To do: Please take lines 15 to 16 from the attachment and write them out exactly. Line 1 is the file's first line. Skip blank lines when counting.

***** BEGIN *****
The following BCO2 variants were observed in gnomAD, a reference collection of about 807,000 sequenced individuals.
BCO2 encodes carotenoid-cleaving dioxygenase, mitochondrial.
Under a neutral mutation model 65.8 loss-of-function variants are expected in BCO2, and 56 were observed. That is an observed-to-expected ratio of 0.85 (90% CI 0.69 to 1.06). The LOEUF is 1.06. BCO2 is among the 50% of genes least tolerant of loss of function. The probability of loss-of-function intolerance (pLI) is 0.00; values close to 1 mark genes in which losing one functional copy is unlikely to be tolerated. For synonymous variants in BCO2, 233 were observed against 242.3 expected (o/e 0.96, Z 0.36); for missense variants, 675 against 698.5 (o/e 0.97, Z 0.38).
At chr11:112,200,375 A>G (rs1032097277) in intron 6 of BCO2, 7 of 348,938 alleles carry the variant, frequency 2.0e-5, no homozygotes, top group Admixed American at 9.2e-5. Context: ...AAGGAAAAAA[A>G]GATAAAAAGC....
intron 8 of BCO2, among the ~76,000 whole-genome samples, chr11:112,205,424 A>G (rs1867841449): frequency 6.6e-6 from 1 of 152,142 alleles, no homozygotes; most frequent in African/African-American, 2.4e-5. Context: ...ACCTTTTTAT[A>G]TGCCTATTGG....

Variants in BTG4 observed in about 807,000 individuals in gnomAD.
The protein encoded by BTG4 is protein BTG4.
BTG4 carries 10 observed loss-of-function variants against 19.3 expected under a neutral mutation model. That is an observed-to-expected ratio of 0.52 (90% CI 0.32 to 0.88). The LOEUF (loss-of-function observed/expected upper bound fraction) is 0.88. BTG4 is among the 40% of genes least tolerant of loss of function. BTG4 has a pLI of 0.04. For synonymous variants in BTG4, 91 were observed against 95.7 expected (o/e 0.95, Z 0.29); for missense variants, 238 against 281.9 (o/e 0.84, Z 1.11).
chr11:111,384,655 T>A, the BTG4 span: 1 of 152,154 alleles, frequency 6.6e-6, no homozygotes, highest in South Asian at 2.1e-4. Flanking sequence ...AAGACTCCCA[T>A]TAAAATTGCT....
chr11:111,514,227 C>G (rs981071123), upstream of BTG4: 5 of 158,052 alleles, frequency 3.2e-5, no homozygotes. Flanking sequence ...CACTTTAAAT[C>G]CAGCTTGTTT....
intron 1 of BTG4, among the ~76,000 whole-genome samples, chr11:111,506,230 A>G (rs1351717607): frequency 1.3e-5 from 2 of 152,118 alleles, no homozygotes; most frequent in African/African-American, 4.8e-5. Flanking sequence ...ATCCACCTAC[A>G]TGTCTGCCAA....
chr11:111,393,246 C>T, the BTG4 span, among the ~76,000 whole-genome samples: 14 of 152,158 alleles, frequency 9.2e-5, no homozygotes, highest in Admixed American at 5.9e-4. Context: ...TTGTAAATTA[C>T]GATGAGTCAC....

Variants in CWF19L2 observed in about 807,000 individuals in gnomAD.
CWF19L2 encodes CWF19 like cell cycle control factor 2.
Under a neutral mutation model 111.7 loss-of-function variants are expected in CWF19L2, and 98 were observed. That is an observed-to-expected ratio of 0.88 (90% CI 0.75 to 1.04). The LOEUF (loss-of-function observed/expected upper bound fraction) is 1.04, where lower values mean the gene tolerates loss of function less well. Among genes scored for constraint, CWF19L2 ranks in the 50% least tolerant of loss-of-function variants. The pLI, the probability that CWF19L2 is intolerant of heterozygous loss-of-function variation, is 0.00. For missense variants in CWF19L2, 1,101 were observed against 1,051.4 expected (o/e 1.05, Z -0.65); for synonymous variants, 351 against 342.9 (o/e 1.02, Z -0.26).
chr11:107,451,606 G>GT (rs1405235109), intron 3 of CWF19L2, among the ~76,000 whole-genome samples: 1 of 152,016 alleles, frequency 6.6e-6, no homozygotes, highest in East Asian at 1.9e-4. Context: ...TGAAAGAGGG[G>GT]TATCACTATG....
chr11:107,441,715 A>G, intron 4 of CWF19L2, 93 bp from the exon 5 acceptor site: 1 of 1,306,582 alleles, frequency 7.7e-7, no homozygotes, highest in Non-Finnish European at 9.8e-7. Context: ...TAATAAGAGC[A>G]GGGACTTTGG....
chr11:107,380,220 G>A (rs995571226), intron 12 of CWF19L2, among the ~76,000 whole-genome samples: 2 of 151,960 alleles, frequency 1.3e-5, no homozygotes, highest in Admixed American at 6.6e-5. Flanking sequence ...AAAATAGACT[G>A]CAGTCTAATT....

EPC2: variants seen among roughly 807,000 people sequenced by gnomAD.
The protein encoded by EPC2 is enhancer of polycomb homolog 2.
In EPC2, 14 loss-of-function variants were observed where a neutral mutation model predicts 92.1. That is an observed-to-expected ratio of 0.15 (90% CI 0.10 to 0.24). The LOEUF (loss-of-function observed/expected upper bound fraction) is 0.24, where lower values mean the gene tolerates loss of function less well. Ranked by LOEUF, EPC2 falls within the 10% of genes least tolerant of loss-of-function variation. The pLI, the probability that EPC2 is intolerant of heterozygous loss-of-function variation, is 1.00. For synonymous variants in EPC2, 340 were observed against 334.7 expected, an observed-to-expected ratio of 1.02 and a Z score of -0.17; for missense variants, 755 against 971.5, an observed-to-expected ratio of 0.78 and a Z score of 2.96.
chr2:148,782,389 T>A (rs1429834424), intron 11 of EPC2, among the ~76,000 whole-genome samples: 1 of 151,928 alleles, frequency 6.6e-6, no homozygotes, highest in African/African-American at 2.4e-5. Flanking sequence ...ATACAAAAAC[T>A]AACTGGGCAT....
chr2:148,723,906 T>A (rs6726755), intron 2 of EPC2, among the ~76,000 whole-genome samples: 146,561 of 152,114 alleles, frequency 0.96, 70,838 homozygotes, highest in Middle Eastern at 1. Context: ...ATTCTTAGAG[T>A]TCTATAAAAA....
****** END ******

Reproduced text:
Under a neutral mutation model 111.7 loss-of-function variants are expected in CWF19L2, and 98 were observed. That is an observed-to-expected ratio of 0.88 (90% CI 0.75 to 1.04). The LOEUF (loss-of-function observed/expected upper bound fraction) is 1.04, where lower values mean the gene tolerates loss of function less well. Among genes scored for constraint, CWF19L2 ranks in the 50% least tolerant of loss-of-function variants. The pLI, the probability that CWF19L2 is intolerant of heterozygous loss-of-function variation, is 0.00. For missense variants in CWF19L2, 1,101 were observed against 1,051.4 expected (o/e 1.05, Z -0.65); for synonymous variants, 351 against 342.9 (o/e 1.02, Z -0.26).
chr11:107,451,606 G>GT (rs1405235109), intron 3 of CWF19L2, among the ~76,000 whole-genome samples: 1 of 152,016 alleles, frequency 6.6e-6, no homozygotes, highest in East Asian at 1.9e-4. Context: ...TGAAAGAGGG[G>GT]TATCACTATG....